The Court finds another provision also to be helpful in resolving this dispute. The Lease itself references the Guaranty, stating: "As additional consideration for, and as a condition of, Landlord's entry into this Lease, Colorado Springs Orthopaedic [ sic ] Group, LLC has executed a Guaranty in the form attached hereto as Exhibit G'. Each and every exhibit attached to this Lease is incorporated into this Lease by reference, and constitutes a part of this Lease." [ECF No. 44-1 at § 47].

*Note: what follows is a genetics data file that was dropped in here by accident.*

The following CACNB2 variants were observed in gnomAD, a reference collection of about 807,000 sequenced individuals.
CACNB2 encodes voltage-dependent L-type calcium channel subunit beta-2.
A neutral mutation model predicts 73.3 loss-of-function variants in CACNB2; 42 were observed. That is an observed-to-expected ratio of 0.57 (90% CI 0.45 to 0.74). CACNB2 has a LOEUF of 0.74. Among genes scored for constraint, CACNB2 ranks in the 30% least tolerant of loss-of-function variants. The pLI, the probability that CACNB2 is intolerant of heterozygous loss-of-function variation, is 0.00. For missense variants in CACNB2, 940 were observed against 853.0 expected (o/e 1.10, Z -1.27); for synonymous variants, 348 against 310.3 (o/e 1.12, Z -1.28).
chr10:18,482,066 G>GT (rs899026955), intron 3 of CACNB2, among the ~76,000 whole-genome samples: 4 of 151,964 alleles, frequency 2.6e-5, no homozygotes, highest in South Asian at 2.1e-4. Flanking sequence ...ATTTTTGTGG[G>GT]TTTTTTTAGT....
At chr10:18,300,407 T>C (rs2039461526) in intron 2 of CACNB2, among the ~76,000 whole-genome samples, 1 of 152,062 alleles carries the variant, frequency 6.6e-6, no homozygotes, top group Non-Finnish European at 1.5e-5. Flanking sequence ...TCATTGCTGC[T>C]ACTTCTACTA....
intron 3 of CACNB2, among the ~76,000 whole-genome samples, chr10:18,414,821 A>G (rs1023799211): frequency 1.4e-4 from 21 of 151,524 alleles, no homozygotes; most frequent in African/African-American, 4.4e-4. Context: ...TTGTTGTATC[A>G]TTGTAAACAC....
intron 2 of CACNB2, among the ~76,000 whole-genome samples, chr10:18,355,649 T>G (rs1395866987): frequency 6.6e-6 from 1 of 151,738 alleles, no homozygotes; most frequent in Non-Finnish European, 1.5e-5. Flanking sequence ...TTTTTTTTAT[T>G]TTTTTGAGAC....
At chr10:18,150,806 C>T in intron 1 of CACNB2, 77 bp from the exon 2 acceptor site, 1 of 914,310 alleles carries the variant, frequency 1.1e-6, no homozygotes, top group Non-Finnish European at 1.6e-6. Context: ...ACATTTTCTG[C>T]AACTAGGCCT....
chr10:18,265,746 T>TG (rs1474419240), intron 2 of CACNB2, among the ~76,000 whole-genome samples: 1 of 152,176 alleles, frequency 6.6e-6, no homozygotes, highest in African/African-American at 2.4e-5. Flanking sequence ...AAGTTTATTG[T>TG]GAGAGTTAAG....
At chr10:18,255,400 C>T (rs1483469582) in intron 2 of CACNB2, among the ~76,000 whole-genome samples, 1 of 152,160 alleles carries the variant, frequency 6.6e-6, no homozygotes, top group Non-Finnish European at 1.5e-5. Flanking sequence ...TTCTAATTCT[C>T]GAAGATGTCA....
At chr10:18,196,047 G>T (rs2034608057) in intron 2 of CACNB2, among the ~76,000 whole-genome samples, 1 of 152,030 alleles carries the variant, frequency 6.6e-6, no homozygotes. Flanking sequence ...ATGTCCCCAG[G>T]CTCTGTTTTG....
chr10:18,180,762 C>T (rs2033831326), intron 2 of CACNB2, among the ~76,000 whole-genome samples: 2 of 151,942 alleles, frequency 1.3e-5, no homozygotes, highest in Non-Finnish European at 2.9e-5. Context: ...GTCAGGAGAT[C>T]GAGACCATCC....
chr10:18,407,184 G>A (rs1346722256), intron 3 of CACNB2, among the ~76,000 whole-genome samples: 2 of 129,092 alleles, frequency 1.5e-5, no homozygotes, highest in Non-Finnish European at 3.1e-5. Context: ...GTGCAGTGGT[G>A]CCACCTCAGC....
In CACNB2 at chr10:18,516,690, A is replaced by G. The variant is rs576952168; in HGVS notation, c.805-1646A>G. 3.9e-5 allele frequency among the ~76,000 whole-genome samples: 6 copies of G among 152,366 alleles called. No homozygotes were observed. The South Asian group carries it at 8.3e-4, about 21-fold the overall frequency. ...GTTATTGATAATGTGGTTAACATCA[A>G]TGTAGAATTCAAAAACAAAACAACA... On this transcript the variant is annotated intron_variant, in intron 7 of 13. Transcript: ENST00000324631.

"Interpretation of a written contract and the determination of whether a provision in the contract is ambiguous are questions of law...." Fibreglas Fabricators, Inc. v. Kylberg, 799 P.2d 371, 374 (Colo. 1990). "The primary goal of contract interpretation is to determine and give effect to the intent of the parties." Ad Two, Inc. v. City and Cnty. of Denver ex rel. Manager of Aviation, 9 P.3d 373, 376 (Colo. 2000) (en banc). The starting point for any search for the intent of the parties should be the plain language of the contract. Id .; see also East Ridge of Fort Collins, LLC v. Larimer & Weld Irrigation Co., 109 P.3d 969, 973 (Colo. 2005); Union Rural Elec. Ass'n v. Pub. Utilities Comm'n, 661 P.2d 247, 251 (Colo. 1983); Radiology Prof'l Corp. v. Trinidad Area Health Ass'n, 577 P.2d 748, 750 (Colo. 1978). Courts must construe the contract as a whole without viewing individual clauses in isolation. Level 3 Commc'ns, LLC v. Liebert Corp., 535 F.3d 1146, 1154 (10th Cir. 2008).